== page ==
This is the total differential $$df=dx\frac {\partial f}{\partial x}+dy\frac {\partial f}{\partial y}.$$

How do we take higher orders of total differential, $d^2 f=$?

Suppose I have $f(x,y)$ and I want the second order total differential $d^2f$?

  • $\begingroup$ Product and chain rule just how you did to get the first one. Now imagine that $df$ is a function $g(x,y)$, which is formed by the sum of two products, and get the differential of $g$. $\endgroup$ – MyUserIsThis Jun 30 '13 at 14:03
  • $\begingroup$ Like $d^2f=dx\wedge(\frac{\partial^2f}{\partial x\partial x}dx+\frac{\partial^2f}{\partial x\partial y}dy)+dy\wedge(\frac{\partial^2f}{\partial y\partial x}dx+\frac{\partial^2f}{\partial y\partial y}dy)=dx\wedge dy(\frac{\partial^2f}{\partial x\partial y}-\frac{\partial^2f}{\partial y\partial x})$? $\endgroup$ – awllower Jun 30 '13 at 14:05

$d=dx\frac{\partial}{\partial x}+dy\frac{\partial}{\partial y}$ is a differential operator that when applied to $f$ gives $df=dx\frac{\partial f}{\partial x}+dy\frac{\partial f}{\partial y}$

$d^2=\left(dx\frac{\partial}{\partial x}+dy\frac{\partial}{\partial y}\right)\left(dx\frac{\partial}{\partial x}+dy\frac{\partial}{\partial y}\right)$

$d^2f=\left(dx\frac{\partial}{\partial x}+dy\frac{\partial}{\partial y}\right)\left(dx\frac{\partial}{\partial x}+dy\frac{\partial}{\partial y}\right)f=\left(dx^2\frac{\partial^2}{\partial x^2}+dy^2\frac{\partial^2}{\partial y^2}+2dx dy\frac{\partial^2}{\partial x\partial y}\right)f=dx^2\frac{\partial^2 f}{\partial x^2}+dy^2\frac{\partial^2 f}{\partial y^2}+2dx dy\frac{\partial^2 f}{\partial x\partial y}$

  • $\begingroup$ Do you mean, when $f$ is $C^2$, $d^2f=dx^2\frac{\partial^2 f}{\partial x^2}+dy^2\frac{\partial^2 f}{\partial y^2}+2dx dy\frac{\partial^2 f}{\partial x\partial y}$? Even if so, you must have forgotten that $dxdy+dydx=0$. Regards. $\endgroup$ – awllower Jul 1 '13 at 2:41
  • $\begingroup$ @awllower You mean $dx dy\wedge dy dx=0$ not $dx dy+dy dx=0$ $\endgroup$ – llllllllllllllllllllllllllllll Jul 1 '13 at 7:28
  • $\begingroup$ No, I mean $dx\wedge dy+dy\wedge dx=0$, as the wedge product is anti-symmetric. $\endgroup$ – awllower Jul 1 '13 at 12:28
  • $\begingroup$ Yes, but as you saw, I avoided the use of the wedge product because I think @dan only want to use elementary calculus. $\endgroup$ – llllllllllllllllllllllllllllll Jul 1 '13 at 16:34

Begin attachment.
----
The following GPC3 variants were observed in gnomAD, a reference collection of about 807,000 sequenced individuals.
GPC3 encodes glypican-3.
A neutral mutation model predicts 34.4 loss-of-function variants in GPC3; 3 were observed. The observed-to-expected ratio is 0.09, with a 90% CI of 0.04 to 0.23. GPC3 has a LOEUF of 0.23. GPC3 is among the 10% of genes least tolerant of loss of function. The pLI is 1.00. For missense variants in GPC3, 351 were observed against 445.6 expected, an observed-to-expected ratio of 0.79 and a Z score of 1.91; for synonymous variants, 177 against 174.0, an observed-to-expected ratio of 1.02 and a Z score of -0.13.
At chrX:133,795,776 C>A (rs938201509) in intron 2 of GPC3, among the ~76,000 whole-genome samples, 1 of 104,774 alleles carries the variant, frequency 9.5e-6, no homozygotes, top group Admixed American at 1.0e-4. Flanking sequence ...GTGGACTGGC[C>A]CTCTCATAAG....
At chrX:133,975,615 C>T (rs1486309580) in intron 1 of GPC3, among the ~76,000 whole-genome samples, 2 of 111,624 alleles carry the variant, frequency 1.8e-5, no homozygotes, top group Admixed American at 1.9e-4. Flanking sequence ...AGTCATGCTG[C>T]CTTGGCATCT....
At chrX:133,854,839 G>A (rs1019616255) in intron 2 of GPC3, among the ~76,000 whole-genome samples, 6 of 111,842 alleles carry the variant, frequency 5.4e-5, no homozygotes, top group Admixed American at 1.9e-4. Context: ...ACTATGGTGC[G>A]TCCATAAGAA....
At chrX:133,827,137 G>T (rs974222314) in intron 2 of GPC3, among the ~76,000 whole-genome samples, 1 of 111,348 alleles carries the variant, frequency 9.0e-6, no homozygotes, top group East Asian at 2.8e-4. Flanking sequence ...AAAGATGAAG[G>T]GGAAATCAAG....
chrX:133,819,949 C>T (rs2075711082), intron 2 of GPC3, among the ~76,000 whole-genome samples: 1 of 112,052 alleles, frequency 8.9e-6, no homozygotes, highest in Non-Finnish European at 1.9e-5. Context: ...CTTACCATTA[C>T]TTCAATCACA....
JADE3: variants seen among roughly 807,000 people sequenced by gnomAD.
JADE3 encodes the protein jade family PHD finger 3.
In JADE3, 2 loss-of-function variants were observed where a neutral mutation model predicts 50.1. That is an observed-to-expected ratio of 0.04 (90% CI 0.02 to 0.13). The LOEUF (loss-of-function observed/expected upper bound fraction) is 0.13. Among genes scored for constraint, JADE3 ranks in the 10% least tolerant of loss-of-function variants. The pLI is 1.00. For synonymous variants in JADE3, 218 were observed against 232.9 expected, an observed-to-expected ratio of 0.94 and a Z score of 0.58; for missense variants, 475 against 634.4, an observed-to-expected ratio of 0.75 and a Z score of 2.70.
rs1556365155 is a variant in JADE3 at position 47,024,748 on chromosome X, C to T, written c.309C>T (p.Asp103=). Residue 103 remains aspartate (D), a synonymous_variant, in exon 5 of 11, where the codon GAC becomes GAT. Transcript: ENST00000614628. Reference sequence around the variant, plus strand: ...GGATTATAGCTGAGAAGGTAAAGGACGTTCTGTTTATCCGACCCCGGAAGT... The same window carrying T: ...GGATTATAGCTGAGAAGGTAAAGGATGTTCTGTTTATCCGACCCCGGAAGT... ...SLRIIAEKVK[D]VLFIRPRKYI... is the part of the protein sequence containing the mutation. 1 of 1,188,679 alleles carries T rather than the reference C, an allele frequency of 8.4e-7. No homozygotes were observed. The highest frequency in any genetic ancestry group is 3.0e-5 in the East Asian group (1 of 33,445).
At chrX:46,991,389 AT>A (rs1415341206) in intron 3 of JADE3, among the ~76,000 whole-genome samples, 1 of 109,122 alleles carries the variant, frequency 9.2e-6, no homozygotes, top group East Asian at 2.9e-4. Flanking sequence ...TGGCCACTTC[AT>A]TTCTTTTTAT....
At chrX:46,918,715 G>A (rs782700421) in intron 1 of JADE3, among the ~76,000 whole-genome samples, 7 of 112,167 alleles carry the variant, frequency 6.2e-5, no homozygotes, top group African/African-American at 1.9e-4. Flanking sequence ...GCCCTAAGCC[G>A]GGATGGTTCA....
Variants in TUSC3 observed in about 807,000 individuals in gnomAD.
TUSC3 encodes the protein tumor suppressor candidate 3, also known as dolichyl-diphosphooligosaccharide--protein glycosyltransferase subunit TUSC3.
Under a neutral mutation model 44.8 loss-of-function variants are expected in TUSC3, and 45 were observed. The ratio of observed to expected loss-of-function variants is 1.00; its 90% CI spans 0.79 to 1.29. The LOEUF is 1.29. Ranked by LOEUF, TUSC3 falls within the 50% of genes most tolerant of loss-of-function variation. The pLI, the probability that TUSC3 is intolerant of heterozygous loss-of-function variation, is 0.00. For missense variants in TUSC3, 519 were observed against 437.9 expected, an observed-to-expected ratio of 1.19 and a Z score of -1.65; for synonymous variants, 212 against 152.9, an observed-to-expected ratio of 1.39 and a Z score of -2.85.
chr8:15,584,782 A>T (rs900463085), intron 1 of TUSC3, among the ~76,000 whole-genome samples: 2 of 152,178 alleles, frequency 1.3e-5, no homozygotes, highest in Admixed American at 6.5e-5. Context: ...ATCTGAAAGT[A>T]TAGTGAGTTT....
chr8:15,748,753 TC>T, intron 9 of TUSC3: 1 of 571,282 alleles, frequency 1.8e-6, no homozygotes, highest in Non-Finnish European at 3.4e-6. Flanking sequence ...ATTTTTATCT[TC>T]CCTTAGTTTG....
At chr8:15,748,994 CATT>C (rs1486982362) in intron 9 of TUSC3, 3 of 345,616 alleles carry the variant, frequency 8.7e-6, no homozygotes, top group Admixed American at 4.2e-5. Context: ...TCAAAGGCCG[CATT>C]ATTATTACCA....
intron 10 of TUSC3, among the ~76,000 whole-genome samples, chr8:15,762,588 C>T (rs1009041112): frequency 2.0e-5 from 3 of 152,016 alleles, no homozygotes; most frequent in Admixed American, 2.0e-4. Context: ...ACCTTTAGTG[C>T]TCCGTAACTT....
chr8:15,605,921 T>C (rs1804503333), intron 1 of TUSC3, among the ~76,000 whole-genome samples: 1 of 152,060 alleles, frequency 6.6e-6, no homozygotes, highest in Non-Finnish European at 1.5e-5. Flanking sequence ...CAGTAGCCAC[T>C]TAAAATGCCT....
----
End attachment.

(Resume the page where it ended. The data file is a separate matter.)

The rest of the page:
• 1
    $\begingroup$ Probably a basic question, but why is $d^2 f$ (ie $d(df)$) the same as multiplying $d$ with $d$ and then applying that result to $f$? Ie how does the composition of differential operators get reduced to a multiplication of those operators? $\endgroup$ – user434180 Nov 3 '16 at 0:55

I will assume that you are referring to the Fréchet derivative. If $U\subseteq\mathbb{R}^n$ is an open set and we have functions $\omega_{j_1,\dots,j_p}:U\to\mathbb{R}$, then $$ D\left(\sum_{j_1,\dots,j_p} \omega_{j_1,\dots,j_p} dx_{j_1}\otimes\cdots\otimes dx_{j_p}\right) = \sum_{j_1,\dots,j_p}\sum_{j=1}^n \frac{\partial\omega_{j_1,\dots,j_p}}{\partial x_{j}} dx_j\otimes dx_{j_1}\otimes\cdots\otimes dx_{j_p}. $$

Here $dx_{i}$ is the projection onto the $i$th coordinate, and if $\alpha,\beta$ are multilinear forms then $\alpha\otimes\beta$ is the multilinear form defined by $(\alpha\otimes\beta)(x,y)=\alpha(x)\beta(y)$.

For example, let $f(x,y)=x^3+x^2 y^2+y^3$. Then \begin{align} Df&=(3x^2+2xy^2)dx+(2x^2y+3y^2)dy; \\ D^2f&=(6x+2y^2)dx\otimes dx+4xy(dx\otimes dy+dy\otimes dx)+(2x^2+6y)dy\otimes dy; \\ D^3f&=6dx\otimes dx\otimes dx+4y(dx\otimes dx\otimes dy+dx\otimes dy\otimes dx+dy\otimes dx\otimes dx)\\ &\qquad+4x(dx\otimes dy\otimes dy+dy\otimes dx\otimes dy+dy\otimes dy\otimes dx) \\ &\qquad+6dy\otimes dy\otimes dy. \end{align}

Since $D^p f(x)$ is always a symmetric multilinear map if $f$ is of class $C^p$, you might want to simplify the above by using the symmetric product (of tensors).

  • $\begingroup$ This answer is good because you're doing the total derivative of the total derivative, rather than just the exterior derivative of the total derivative. $\endgroup$ – Toby Bartels yesterday

Edit: I interpret your $d^2 f$ as $d^2f=d(df)$.

If $f$ is $C^2(\Omega)$, with $(x,y)\in\Omega$, then

$$d(df)=dy\wedge dx \frac{\partial^2 f}{\partial y\partial x}+dx\wedge dy \frac{\partial^2 f}{\partial x\partial y}=\left(\frac{\partial^2 f}{\partial x\partial y}- \frac{\partial^2 f}{\partial y\partial x} \right)dx\wedge dy=0,$$

as $dx \wedge dy=-dy\wedge dx$ and $\frac{\partial^2 f}{\partial x\partial y}= \frac{\partial^2 f}{\partial y\partial x}$ on $\Omega$.

If $f$ is not $C^2$ at $(x,y)$, then we arrive at

$$d(df)=\left(\frac{\partial^2 f}{\partial x\partial y}- \frac{\partial^2 f}{\partial y\partial x} \right)dx\wedge dy. $$

  • $\begingroup$ But OP did not assume that $f\in C^2$, so that the result is not necessarily $0$, right? $\endgroup$ – awllower Jun 30 '13 at 14:22
  • $\begingroup$ @awlower, right. I used the Schwarz lemma. If $f$ is not $C^2$ then we have just the first equality. $\endgroup$ – Avitus Jun 30 '13 at 16:19
  • $\begingroup$ @awlower I add this comment in my answer. $\endgroup$ – Avitus Jun 30 '13 at 16:48

Your Answer

By clicking “Post Your Answer”, you agree to our terms of service, privacy policy and cookie policy

Not the answer you're looking for? Browse other questions tagged or ask your own question.